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The Play of the Year
Rick Reilly
November 18, 2002
Jake Porter is 17, but he can't read, can barely scrawl his first name and often mixes up the letters at that. So how come we're all learning something from him?
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November 18, 2002

The Play Of The Year

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Jake Porter is 17, but he can't read, can barely scrawl his first name and often mixes up the letters at that. So how come we're all learning something from him?

In three years on the Northwest High football team, in McDermott, Ohio, Jake had never run with the ball. Or made a tackle. He'd barely ever stepped on the field. That's about right for a kid with chromosomal fragile X syndrome, a disorder that is a common cause of mental retardation.

But every day after school Jake, who attends special-ed classes, races to Northwest team practices: football, basketball, track. Never plays, but seldom misses one.

That's why it seemed crazy when, with five seconds left in a recent game that Northwest was losing 42-0, Jake trotted out to the huddle. The plan was for him to get the handoff and take a knee.

Northwest's coach and Jake's best friend, Dave Frantz, called a timeout to talk about it with the opposing coach, Waverly's Derek Dewitt. Fans could see there was a disagreement. Dewitt was shaking his head and waving his arms.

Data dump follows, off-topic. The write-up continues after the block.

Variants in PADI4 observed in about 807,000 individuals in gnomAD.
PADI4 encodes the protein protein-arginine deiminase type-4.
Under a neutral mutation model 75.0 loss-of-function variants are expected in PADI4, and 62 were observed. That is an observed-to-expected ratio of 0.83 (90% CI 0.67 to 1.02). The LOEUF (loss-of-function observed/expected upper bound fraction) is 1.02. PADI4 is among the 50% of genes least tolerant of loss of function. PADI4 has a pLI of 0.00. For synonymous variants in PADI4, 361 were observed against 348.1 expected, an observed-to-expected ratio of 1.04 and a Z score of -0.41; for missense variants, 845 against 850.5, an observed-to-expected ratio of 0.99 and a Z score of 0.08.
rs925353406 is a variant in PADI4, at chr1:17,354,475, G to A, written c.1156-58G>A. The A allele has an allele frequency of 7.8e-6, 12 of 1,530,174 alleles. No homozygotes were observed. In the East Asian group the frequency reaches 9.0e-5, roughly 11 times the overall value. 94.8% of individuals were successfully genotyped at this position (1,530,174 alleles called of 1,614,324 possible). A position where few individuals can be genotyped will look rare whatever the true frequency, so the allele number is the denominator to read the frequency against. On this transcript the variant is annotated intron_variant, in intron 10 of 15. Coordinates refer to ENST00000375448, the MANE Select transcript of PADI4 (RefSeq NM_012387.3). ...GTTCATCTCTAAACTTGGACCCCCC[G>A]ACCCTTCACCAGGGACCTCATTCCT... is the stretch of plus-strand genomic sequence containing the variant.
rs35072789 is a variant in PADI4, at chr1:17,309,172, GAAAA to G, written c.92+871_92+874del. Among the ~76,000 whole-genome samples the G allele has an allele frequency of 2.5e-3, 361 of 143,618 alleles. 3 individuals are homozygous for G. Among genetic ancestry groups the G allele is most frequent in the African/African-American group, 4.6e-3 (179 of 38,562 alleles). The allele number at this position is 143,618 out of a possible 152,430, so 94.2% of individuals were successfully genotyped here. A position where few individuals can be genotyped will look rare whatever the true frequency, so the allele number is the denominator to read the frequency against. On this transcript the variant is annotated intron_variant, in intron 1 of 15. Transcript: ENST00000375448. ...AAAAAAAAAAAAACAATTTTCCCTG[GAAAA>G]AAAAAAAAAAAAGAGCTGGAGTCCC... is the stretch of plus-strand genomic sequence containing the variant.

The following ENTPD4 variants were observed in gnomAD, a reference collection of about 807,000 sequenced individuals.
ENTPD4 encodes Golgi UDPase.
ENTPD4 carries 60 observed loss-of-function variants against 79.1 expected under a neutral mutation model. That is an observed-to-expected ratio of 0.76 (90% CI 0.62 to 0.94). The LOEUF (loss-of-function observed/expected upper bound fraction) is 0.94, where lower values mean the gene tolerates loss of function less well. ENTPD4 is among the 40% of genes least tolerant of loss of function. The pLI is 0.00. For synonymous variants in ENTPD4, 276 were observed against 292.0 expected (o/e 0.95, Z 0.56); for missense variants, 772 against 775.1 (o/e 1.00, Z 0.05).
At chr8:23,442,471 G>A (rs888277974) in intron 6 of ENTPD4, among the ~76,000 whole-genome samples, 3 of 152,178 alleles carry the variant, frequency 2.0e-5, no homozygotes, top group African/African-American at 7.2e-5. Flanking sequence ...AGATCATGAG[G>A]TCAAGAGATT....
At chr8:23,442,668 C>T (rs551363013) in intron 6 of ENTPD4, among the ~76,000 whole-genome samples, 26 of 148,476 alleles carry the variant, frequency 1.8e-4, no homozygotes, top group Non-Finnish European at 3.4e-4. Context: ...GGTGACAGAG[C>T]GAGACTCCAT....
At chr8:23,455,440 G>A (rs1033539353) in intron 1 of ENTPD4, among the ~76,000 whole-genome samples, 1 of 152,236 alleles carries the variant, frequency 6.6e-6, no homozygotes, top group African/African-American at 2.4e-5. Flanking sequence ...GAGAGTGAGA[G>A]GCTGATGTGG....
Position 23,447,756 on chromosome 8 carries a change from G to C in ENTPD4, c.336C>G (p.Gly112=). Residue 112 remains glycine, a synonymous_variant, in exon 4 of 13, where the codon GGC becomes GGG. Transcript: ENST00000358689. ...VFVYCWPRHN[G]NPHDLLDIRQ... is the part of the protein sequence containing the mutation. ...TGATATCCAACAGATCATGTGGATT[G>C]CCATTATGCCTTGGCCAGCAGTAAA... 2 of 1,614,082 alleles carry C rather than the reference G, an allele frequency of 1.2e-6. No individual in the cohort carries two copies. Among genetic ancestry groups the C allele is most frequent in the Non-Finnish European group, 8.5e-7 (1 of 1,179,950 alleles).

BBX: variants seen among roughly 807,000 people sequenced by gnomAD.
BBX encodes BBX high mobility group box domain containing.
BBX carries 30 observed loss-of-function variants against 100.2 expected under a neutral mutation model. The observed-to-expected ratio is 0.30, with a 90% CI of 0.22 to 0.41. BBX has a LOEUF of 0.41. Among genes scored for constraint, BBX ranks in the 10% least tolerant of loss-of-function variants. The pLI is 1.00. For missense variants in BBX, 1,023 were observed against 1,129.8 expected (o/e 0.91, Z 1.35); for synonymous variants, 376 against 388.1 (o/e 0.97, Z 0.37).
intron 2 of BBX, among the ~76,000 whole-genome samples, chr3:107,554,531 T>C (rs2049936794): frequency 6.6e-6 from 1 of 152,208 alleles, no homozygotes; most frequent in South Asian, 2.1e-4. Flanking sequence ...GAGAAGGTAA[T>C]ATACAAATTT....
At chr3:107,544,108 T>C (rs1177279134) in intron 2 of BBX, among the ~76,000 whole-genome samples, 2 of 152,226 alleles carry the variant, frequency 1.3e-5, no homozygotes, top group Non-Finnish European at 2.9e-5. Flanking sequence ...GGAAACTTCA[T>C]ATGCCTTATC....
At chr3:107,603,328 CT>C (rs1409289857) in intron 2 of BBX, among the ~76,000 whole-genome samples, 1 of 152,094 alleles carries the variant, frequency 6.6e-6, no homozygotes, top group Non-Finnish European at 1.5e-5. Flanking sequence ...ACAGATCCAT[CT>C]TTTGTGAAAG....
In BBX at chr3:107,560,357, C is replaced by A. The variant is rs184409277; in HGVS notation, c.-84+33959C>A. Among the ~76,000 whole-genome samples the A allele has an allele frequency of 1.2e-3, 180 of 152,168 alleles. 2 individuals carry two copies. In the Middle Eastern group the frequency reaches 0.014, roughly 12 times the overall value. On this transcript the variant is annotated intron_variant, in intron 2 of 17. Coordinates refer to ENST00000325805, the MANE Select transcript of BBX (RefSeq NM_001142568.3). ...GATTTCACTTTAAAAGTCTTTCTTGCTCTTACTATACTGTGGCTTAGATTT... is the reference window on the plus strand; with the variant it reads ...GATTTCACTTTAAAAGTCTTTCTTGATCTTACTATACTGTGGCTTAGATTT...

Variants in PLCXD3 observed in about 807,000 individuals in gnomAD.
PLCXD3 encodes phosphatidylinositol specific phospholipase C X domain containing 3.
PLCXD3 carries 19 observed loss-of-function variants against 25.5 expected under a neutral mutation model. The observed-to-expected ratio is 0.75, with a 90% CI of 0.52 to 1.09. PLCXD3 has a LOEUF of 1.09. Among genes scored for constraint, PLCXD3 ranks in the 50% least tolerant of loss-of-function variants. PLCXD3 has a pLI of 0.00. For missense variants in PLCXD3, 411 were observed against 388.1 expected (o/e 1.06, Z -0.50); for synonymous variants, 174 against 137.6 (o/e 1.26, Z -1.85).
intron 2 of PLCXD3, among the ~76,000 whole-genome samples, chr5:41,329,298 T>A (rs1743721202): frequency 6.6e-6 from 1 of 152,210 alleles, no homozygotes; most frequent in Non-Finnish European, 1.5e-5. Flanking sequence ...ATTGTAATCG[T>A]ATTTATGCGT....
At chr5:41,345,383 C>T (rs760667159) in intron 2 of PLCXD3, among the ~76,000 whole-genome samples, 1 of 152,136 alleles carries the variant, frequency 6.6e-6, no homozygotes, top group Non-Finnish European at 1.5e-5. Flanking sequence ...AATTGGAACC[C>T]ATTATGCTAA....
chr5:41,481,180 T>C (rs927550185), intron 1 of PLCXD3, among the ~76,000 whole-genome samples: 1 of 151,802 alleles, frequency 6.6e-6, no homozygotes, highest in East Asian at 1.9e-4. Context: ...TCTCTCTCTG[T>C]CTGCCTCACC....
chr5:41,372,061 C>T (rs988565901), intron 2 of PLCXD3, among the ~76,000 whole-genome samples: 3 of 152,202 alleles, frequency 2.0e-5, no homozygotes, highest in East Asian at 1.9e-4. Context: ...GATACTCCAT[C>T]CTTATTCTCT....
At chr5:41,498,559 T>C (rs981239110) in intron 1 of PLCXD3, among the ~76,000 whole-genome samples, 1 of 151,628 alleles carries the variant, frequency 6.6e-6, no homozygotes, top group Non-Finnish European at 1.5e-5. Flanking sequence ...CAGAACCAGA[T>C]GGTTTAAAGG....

After a ref stepped in, play resumed and Jake got the ball. He started to genuflect, as he'd practiced all week. Teammates stopped him and told him to run, but Jake started going in the wrong direction. The back judge rerouted him toward the line of scrimmage.

Suddenly, the Waverly defense parted like peasants for the king and urged him to go on his grinning sprint to the end zone. Imagine having 21 teammates on the field. In the stands mothers cried and fathers roared. Players on both sidelines held their helmets to the sky and whooped.

In the red-cheeked glee afterward, Jake's mom, Liz, a single parent and a waitress at a coffee shop, ran up to the 295-pound Dewitt to thank him. But she was so emotional, no words would come.

Turns out that before the play Dewitt had called his defense over and said, "They're going to give the ball to number 45. Do not touch him! Open up a hole and let him score! Understand?"

It's not the kind of thing you expect to come out of a football coach's mouth, but then Derek Dewitt is not your typical coach. Originally from the Los Angeles area, he's the first black coach in the 57-year history of a conference made up of schools along the Ohio-Kentucky border. He'd already heard the n word at two road games this season, once through the windows of a locker room. Yet he was willing to give up his first shutout for a white kid he'd met only two hours earlier.

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